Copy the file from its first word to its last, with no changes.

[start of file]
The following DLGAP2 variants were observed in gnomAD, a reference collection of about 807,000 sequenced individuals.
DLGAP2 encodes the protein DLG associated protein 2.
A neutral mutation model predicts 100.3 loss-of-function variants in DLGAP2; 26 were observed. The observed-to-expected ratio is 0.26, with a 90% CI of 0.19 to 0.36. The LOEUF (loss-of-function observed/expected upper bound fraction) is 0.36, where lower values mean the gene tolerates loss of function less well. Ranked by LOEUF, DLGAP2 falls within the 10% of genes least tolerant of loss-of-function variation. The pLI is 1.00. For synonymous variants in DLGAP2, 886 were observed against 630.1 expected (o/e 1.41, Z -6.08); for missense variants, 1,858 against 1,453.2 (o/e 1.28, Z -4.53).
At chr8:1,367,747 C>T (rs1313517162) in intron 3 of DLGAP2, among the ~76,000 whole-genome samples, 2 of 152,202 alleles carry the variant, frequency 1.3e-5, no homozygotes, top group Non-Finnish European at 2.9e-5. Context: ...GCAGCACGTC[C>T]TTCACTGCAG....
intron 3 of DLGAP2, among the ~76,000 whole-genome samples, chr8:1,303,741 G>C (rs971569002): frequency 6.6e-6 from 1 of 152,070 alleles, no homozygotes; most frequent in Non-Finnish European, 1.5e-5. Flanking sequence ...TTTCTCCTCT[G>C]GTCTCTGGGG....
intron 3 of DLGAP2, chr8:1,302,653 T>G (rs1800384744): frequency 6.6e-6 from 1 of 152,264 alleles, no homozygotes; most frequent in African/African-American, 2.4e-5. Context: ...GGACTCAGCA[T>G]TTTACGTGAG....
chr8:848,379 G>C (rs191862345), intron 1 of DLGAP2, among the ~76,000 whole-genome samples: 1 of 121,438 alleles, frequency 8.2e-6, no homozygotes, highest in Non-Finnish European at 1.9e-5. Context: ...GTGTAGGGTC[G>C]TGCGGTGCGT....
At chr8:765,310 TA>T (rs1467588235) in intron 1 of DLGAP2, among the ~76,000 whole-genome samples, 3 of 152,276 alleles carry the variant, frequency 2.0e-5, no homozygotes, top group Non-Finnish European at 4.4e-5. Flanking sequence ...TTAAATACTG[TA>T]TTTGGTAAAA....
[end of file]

The following DLGAP2 variants were observed in gnomAD, a reference collection of about 807,000 sequenced individuals.
DLGAP2 encodes the protein DLG associated protein 2.
A neutral mutation model predicts 100.3 loss-of-function variants in DLGAP2; 26 were observed. The observed-to-expected ratio is 0.26, with a 90% CI of 0.19 to 0.36. The LOEUF (loss-of-function observed/expected upper bound fraction) is 0.36, where lower values mean the gene tolerates loss of function less well. Ranked by LOEUF, DLGAP2 falls within the 10% of genes least tolerant of loss-of-function variation. The pLI is 1.00. For synonymous variants in DLGAP2, 886 were observed against 630.1 expected (o/e 1.41, Z -6.08); for missense variants, 1,858 against 1,453.2 (o/e 1.28, Z -4.53).
At chr8:1,367,747 C>T (rs1313517162) in intron 3 of DLGAP2, among the ~76,000 whole-genome samples, 2 of 152,202 alleles carry the variant, frequency 1.3e-5, no homozygotes, top group Non-Finnish European at 2.9e-5. Context: ...GCAGCACGTC[C>T]TTCACTGCAG....
intron 3 of DLGAP2, among the ~76,000 whole-genome samples, chr8:1,303,741 G>C (rs971569002): frequency 6.6e-6 from 1 of 152,070 alleles, no homozygotes; most frequent in Non-Finnish European, 1.5e-5. Flanking sequence ...TTTCTCCTCT[G>C]GTCTCTGGGG....
intron 3 of DLGAP2, chr8:1,302,653 T>G (rs1800384744): frequency 6.6e-6 from 1 of 152,264 alleles, no homozygotes; most frequent in African/African-American, 2.4e-5. Context: ...GGACTCAGCA[T>G]TTTACGTGAG....
chr8:848,379 G>C (rs191862345), intron 1 of DLGAP2, among the ~76,000 whole-genome samples: 1 of 121,438 alleles, frequency 8.2e-6, no homozygotes, highest in Non-Finnish European at 1.9e-5. Context: ...GTGTAGGGTC[G>C]TGCGGTGCGT....
At chr8:765,310 TA>T (rs1467588235) in intron 1 of DLGAP2, among the ~76,000 whole-genome samples, 3 of 152,276 alleles carry the variant, frequency 2.0e-5, no homozygotes, top group Non-Finnish European at 4.4e-5. Flanking sequence ...TTAAATACTG[TA>T]TTTGGTAAAA....